Unfortunately the medicine she prescribed to poverty-stricken Philadelphia couldn’t fight a cold. Her recommendation: Improve parenting. The logic is as follows: If kids stop having kids, and parents work harder to improve their families, then students will not only go to school but also get better grades, and there will be fewer hoodlums roaming the streets looking for trouble.
If only I had a dollar for every time I heard poor families get blamed for perpetuating poverty!
|Feb 20 2010||Touring the 'Hood|
On January 16th L.A. Gang Tours made its first trip through the ganglands of South-Central Los Angeles with a busload of tourists seeking insights into the netherworlds of America’s most notorious street gangs. Yesterday, February 20th, the company took its second sold-out tour of the “‘hood.” Given the success of the first two trips, and the likelihood that the third scheduled for March 6th will follow suit, it is probably as good a time as ever to consider the advantages and disadvantages of this business as a strategy to alleviate poverty in the low-income, crime-riddled inner city of Los Angeles, California. While I understand why critics see L.A. Gang Tours as an effort to glorify gang violence, drug wars, and the poverty that underlies them, I contend that the good outweighs the bad. That is, the company is creating economic opportunities where there previously were none, and are converting profits into educational and entrepreneurial programs to improve the inner city communities that they tour.
|Feb 08 2010||History as an Underreported Story (Part III)|
When I began this blog I knew very little about urban poverty. In fact that was the challenge. It was one thing to experience poverty growing up; quite another to treat it as an intellectual, academic problem. And I promised myself to learn the issue, study it, and keep a web log to chart my journey. The idea was that others could learn with me, perhaps teach me along the way.
With that said I’ve tried to answer two questions. First, what are people currently saying about poverty in the news? Second, what have historians said about poverty throughout American history? In the blog I’ve mainly addressed the first question, because America needs change more than it needs a poverty historiography. Poverty is a problem for millions of Americans in the *present*. By reporting on current issues I feel we can transform our awareness into informed decisions about how we organize and mobilize, what solutions we propose, and who we entrust with our votes when poverty-related policies hang in the balance.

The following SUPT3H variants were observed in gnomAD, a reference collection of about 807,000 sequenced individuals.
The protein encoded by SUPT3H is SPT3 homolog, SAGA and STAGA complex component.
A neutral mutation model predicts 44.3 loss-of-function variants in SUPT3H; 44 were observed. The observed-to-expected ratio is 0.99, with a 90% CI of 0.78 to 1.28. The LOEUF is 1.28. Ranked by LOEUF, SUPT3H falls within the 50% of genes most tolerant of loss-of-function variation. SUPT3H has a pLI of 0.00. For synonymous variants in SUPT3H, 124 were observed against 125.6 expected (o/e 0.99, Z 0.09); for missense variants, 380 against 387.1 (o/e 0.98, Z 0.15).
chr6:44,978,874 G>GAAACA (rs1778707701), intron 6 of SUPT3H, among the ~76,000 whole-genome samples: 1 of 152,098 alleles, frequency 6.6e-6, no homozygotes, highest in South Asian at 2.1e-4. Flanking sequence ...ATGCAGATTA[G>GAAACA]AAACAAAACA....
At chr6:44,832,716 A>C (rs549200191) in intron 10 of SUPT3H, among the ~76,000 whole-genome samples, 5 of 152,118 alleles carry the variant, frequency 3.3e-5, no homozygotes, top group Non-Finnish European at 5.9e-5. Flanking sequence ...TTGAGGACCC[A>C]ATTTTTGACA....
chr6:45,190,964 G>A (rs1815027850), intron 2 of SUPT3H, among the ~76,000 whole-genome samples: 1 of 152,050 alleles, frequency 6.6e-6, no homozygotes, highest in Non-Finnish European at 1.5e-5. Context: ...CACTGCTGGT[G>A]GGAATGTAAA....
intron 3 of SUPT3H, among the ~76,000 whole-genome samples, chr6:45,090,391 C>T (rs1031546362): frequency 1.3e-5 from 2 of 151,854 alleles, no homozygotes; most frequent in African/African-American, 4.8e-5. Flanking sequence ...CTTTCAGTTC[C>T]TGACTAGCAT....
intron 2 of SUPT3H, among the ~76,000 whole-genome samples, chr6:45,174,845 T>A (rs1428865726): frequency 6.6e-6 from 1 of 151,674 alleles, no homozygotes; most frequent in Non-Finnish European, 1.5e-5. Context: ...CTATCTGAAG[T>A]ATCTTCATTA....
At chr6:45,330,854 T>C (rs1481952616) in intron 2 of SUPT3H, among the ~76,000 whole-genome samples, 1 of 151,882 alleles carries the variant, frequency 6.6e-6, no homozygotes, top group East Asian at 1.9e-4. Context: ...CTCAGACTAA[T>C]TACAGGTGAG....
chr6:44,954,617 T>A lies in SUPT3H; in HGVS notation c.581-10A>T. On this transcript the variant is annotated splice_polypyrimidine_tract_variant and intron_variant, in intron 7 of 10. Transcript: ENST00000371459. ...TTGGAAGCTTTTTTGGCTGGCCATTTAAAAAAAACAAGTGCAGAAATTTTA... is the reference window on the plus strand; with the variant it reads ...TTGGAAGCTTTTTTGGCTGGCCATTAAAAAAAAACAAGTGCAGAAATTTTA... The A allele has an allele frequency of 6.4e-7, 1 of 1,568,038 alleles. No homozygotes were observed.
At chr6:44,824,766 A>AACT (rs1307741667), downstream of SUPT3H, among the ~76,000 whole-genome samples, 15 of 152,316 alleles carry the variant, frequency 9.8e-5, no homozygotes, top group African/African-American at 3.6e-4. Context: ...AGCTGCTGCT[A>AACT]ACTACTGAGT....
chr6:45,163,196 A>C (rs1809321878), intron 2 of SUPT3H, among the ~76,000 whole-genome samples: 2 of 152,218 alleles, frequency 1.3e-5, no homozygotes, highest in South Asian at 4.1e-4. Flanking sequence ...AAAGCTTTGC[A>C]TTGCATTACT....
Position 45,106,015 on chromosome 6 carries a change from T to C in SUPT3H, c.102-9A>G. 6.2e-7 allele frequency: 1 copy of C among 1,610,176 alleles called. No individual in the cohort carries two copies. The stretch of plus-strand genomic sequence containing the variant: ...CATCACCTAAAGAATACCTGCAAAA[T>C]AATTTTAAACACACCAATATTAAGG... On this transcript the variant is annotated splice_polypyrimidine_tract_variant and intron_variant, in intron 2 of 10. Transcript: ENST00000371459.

|Feb 04 2010||Yuppie Food Stamps|
Do you remember your first credit card? I remember mine. It was a grey, black, and red MBNA Master Card with a $1,000 limit. It felt like gold in my wallet…
I got it way back in ’97, when Guess jeans were in and every dude in the ‘hood had to have the beef’n’broccoli Timbs. I was sixteen with no job and no sense – so your boy put his Master Card to work. In no time I was in debt. Deep in debt. I bought whatever I wanted whenever I wanted. New discman. New beeper. New cds. A nice little necklace for my high school sweetheart. Dates at the movies, the ice skating rink, the steakhouse. Truth be told, it was one of the best months of my life.
|Jan 27 2010||History as an Underreported Story (Part II)|
To my mind journalists too often eschew the past in their reports. In so doing the current issues and events that they write about enter the public domain as if they had no antecedents, no context within which they developed—no historical contingency.
I feel the problem acutely when I write about urban poverty. I often try to raise awareness of the struggles of the poor in America’s cities. So I comment on food, clothing, and shelter, as well as employment and the cultural representations of the poor in the news. Rarely, however, do I bring up the history of poverty in America; not one of my posts has been about how the poor have gotten to where they are today. I’m not even sure that I’d even know where to begin…